Health officials, law enforcers and drug abuse and prevention groups are increasingly concerned about a new synthetic drug gaining in popularity and igniting outlandish and dangerous behavior in users. It has all the markings of the dangerous salt bath drug.
Flakka, which means "gravel," is grabbing traction among drug users in South Florida and derives from alpha-Pyrrolidinopentiophenone, which is also known as the alpha-PVP or a-PVP drug class. While it's not a new drug, given it's been around since the 1960s, it is linked to the bath salt drug class that has proven to be increasingly dangerous and addictive.
Flakka's most well-known victim is Adonis Escoto, who died last year at the Ultra Music Festival in Miami after taking the drug. It's viewed as more lethal and more addictive than meth and cocaine. Not much is known about it in terms of drug addiction and treatment.
Just like bath salt drugs, it's causing the same type of hallucinations and psychotic behavior that have been blamed on the former, warn officials.
Even drug users are apprehensive about it, says Don Maines, a Broward County, Florida Sheriff's Office community programs treatment counselor.
"Longtime addicts who have tried flakka, they're terrified of it. They can't think straight, they're paranoid, they think people are chasing them."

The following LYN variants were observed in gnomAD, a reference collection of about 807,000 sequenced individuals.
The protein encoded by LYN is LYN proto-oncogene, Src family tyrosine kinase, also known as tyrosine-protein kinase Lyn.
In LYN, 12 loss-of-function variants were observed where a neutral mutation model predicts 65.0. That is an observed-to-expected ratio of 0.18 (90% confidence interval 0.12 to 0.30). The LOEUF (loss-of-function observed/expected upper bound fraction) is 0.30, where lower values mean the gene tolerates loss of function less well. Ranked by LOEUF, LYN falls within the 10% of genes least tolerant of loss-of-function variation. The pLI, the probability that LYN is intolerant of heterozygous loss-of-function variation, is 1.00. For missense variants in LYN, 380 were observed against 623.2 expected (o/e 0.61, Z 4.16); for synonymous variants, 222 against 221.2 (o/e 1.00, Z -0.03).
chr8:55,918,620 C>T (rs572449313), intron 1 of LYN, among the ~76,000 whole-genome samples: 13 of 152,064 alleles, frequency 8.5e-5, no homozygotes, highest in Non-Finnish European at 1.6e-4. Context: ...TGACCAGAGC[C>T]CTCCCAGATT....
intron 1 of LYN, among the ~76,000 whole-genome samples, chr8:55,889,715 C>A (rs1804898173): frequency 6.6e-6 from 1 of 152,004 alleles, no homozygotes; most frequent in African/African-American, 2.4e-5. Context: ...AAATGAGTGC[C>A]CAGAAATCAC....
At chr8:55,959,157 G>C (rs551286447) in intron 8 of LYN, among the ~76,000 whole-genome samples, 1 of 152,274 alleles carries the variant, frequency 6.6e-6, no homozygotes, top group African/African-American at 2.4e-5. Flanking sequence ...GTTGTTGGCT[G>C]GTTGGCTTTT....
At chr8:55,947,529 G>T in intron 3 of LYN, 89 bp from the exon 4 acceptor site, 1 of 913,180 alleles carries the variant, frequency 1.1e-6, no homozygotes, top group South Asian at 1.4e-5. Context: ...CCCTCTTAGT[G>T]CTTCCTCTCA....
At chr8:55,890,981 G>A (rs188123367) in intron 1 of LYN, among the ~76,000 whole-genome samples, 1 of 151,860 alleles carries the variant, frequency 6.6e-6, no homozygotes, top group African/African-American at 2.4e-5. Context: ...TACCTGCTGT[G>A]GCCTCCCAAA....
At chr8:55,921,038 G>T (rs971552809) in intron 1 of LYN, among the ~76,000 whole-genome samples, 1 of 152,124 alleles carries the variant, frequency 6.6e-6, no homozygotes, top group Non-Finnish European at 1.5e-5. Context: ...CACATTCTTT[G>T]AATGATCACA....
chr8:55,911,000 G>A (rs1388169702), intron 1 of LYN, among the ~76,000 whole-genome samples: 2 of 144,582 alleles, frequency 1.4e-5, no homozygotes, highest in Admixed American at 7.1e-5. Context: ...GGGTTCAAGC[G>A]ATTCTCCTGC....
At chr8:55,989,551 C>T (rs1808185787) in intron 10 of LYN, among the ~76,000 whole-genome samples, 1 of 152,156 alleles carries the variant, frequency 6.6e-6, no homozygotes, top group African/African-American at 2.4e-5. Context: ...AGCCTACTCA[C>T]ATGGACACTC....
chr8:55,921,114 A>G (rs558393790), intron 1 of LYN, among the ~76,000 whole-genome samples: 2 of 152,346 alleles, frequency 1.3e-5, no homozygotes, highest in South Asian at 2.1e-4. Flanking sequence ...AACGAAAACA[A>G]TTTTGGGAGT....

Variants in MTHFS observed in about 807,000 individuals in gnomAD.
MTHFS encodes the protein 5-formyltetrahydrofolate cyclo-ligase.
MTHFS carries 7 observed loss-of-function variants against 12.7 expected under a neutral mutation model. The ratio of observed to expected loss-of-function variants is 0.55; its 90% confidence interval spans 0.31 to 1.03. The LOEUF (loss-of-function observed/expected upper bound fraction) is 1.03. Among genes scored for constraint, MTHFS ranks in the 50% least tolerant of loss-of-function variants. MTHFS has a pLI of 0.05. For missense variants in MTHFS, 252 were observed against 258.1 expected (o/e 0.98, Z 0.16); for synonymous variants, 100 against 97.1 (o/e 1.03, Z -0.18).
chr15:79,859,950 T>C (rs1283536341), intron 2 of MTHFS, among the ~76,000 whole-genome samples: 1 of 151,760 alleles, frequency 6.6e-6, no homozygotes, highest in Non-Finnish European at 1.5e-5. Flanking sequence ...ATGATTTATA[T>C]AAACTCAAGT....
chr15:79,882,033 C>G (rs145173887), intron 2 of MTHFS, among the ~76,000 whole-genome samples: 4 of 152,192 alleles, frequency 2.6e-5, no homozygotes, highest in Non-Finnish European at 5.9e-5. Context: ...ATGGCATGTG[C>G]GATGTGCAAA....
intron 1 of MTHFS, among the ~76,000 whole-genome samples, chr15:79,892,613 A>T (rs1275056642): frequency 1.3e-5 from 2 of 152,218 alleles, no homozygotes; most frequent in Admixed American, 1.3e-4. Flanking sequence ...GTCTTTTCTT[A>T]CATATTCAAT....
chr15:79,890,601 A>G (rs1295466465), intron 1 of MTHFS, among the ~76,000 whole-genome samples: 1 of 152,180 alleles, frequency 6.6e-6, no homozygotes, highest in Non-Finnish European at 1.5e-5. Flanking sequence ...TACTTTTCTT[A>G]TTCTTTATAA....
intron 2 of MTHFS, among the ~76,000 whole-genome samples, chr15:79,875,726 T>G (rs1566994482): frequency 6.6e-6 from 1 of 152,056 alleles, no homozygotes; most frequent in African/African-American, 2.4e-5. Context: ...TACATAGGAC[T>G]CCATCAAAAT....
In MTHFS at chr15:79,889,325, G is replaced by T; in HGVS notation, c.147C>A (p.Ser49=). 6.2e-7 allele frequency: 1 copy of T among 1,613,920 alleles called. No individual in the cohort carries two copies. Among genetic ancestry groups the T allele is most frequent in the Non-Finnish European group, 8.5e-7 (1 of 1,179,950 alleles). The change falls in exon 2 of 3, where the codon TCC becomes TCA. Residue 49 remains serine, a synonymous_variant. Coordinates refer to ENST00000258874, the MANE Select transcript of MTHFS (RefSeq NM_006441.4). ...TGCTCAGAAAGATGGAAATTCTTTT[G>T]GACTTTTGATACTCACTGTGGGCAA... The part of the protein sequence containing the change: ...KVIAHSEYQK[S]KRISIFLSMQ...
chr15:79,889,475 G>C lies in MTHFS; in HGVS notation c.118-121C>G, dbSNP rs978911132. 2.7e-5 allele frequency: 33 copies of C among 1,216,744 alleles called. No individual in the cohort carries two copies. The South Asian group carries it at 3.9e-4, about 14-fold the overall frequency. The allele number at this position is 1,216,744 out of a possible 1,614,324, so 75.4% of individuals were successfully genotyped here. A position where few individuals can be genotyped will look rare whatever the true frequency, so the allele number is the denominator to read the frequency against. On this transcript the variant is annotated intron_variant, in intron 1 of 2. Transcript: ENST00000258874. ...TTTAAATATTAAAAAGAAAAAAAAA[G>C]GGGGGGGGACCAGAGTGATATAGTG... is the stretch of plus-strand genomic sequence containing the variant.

The erratic behavior has included a naked man wanting to fornicate with a tree in Florida and another naked man streaking through the street claiming dogs were chasing him when there were clearly no dogs in sight.
According to media reports, the drug is cheap and easy to get in Florida right now. The worry is it will spread nationwide fast, given how easy and affordable it is for those seeking a new kind of high. It's selling for under $5 a vial, states one report.
The alpha-PVP chemical is being made overseas, according to drug industry experts, and typically sold in a crystal form that is smoked using an e-cigarette device. In addition to being cheap, the drug is odorless, which is also a reason it's becoming popular. It can also be injected, swallowed or snorted.
Recent reports indicate it may already be moving across the country and into Texas, Tennessee and Ohio.